• Absurd - 1,338 words
    ... hinoceros, as being the Nazi influence, and Berenger, the main character, as an ordinary man in an extraordinary situation. The chaos of the early to mid-twentieth century influenced Ionesco's life and work's greatly. He struggled with the concept of the absurd and soon became the father of the theatre of the absurd. He led men such as Samuel Beckett and Jean Genet to a greater understanding of the absurd. Samuel Beckett was one of the greatest names of the theater of the absurd. He spent a lifetime of hardship and work to overcome the challenges of his low self-esteem and confidence. He grew up in Dublin, Ireland, in a prominent family. After college, he was employed as James Joyce's se ...
    Related: absurd, modern world, liberation organization, middle class, autobiographical
  • Affirmative Action - 1,025 words
    Affirmative Action The idea that different subcategories of humans exist, and that depending on one's point of view, some subcategories are inherently inferior to others, has been around since ancient times. This concept eventually gained the label of "race" in 1789, a "zoological term... generally defined as a subcategory of a species which inherits certain physical characteristics that distinguish it from other categories of that same species." (Tivnan 181). Although slavery has been by and large eliminated in virtually every part of the modern world, the concept used to rationalize its implementation, "racism", still plagues most modern cultures. Races that were once enslaved, or are mino ...
    Related: affirmative, affirmative action, education system, equal rights, inherently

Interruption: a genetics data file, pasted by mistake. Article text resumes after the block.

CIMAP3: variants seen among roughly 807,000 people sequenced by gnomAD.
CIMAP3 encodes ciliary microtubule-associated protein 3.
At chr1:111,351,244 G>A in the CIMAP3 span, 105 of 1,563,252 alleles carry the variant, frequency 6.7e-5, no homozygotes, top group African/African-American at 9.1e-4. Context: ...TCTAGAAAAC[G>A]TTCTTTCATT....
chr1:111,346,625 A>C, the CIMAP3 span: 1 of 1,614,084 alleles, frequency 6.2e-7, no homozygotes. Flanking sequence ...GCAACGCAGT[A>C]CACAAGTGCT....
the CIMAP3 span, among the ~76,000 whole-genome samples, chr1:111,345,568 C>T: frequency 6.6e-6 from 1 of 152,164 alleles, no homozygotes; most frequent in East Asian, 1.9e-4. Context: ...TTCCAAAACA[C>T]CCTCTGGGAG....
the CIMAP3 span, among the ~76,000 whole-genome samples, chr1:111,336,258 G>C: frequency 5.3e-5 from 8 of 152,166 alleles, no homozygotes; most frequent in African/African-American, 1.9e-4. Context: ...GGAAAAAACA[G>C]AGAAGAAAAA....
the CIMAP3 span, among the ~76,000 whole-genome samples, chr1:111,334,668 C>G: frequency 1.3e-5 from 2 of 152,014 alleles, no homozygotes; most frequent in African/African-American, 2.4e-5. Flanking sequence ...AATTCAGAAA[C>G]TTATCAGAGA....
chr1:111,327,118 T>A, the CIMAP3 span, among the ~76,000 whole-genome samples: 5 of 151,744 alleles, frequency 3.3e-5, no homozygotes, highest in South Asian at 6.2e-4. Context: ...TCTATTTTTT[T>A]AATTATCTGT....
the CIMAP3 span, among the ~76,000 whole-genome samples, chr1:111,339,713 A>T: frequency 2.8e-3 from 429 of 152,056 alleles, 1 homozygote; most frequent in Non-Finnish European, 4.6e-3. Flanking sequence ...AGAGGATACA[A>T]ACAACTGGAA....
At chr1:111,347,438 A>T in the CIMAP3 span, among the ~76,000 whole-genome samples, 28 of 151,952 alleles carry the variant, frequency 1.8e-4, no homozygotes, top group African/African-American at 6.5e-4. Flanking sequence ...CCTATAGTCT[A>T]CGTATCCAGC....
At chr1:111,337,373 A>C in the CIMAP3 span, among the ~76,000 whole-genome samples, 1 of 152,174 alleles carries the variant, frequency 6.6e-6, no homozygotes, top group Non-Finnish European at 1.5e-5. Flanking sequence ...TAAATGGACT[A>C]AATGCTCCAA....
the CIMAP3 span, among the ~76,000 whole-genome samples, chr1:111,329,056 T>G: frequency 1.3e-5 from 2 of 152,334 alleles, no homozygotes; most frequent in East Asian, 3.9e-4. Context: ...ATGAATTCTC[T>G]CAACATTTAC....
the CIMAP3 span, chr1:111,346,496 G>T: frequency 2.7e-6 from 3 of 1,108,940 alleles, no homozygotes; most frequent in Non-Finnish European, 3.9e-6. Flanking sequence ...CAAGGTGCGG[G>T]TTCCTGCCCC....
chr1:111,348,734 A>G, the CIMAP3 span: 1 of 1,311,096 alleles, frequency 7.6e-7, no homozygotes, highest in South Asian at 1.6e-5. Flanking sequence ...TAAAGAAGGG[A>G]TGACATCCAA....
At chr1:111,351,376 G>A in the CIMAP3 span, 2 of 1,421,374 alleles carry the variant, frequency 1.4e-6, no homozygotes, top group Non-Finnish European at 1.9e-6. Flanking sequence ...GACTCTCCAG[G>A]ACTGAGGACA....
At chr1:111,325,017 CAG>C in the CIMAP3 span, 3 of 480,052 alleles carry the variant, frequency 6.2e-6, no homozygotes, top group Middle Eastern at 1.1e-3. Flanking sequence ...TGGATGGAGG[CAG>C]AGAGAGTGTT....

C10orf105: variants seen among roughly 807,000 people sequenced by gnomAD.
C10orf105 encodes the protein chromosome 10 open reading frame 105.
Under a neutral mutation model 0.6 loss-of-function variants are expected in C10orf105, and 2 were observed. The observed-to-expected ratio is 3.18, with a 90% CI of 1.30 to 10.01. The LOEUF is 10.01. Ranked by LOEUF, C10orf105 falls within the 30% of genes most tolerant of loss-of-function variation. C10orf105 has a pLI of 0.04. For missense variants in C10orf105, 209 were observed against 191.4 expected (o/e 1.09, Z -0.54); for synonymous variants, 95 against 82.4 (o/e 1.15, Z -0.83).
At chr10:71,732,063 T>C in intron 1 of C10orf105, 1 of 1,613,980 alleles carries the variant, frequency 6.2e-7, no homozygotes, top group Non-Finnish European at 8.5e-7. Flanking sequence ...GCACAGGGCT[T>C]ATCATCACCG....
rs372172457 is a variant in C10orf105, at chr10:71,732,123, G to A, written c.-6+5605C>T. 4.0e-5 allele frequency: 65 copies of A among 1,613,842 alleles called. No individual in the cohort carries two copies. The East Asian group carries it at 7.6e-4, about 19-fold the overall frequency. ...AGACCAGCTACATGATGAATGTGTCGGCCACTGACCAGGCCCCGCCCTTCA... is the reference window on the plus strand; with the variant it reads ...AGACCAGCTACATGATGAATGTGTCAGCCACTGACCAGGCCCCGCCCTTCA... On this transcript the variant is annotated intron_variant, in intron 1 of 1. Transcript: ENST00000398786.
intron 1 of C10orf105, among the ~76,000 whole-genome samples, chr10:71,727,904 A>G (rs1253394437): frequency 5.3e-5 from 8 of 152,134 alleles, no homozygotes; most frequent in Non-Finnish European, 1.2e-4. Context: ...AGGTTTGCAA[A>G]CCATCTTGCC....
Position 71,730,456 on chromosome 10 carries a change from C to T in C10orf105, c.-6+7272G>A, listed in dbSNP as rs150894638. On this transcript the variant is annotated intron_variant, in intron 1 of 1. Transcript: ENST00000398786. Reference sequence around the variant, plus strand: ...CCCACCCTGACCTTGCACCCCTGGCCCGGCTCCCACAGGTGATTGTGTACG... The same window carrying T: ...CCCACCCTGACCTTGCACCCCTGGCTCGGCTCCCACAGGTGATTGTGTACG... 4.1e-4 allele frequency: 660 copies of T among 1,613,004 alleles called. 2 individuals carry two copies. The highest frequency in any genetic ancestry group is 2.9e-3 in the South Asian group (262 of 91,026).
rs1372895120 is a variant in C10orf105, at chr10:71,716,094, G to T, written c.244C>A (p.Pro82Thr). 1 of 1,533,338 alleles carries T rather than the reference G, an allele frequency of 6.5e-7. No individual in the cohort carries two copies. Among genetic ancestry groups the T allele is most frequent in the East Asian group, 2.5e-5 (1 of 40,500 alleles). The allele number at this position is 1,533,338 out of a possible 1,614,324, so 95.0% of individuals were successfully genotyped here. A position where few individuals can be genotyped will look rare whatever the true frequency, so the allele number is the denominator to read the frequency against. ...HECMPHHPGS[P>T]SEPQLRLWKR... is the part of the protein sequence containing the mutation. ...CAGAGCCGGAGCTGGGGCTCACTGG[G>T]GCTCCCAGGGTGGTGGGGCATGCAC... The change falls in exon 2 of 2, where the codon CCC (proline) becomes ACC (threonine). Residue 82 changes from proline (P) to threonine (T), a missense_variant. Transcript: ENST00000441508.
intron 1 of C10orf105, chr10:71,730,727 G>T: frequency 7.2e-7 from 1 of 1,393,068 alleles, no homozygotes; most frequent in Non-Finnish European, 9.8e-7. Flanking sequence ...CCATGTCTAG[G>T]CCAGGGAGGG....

• Airframe - 1,100 words
    Airframe Airframe, a novel by Michael Crichton was a fairly good book that became very exciting towards the end. It is about the aviation industry and a fictional company named Norton Aircraft that manufactures planes. There is only one main character and the plot of the novel is about a secret plan to destroy the president of Norton. The book gets off to a slow start, but rapidly builds up pace in the last hundred pages. The main character of the novel is Casey Singleton. She is a divorced mother in her mid-forties. She is a vice president of the Quality Assurance Incident Review Team. Whenever anything goes wrong with a plane that was made by Norton, the Incident Review Team finds out what ...
    Related: airframe, goes wrong, lost world, main character, reporter
  • Alberty Einstein - 592 words
    Alberty Einstein ALBERT EINSTEIN Albert Einstein was one of the greatest scientists of all time. Best known as a physicist for developing his famous theory of relativity, Einstein was born on March 14, 1879, in Ulm, Wrttemberg, Germany. When he was five years old, his father showed him a pocket compass. Young Einstein was deeply impressed by the mysterious behavior of the compass needle, which kept pointing the same direction no matter which way the compass was turned. He later said he felt then that something deeply hidden had to be behind such things. Einstein attended public school in Munich and in Aarau, Switzerland. He then studied mathematics and physics at the Swiss Polytechnic Instit ...
    Related: albert einstein, einstein, public school, quantum theory, atomic
  • Alfred Adler - 1,154 words
    Alfred Adler Adler, Alfred Adler, Alfred (1870-1937), Austrian psychologist and psychiatrist, born in Vienna, and educated at Vienna University. After leaving the university he studied and was associated with Sigmund Freud, the founder of psychoanalysis. In 1911 Adler left the orthodox psychoanalytic school to found a neo-Freudian school of psychoanalysis. After 1926 he was a visiting professor at Columbia University, and in 1935 he and his family moved to the United States. In his analysis of individual development, Adler stressed the sense of inferiority, rather than sexual drives, as the motivating force in human life. According to Adler, conscious or subconscious feelings of inferiority ...
    Related: adler, alfred, alfred adler, individual psychology, south china
  • America Tax - 1,178 words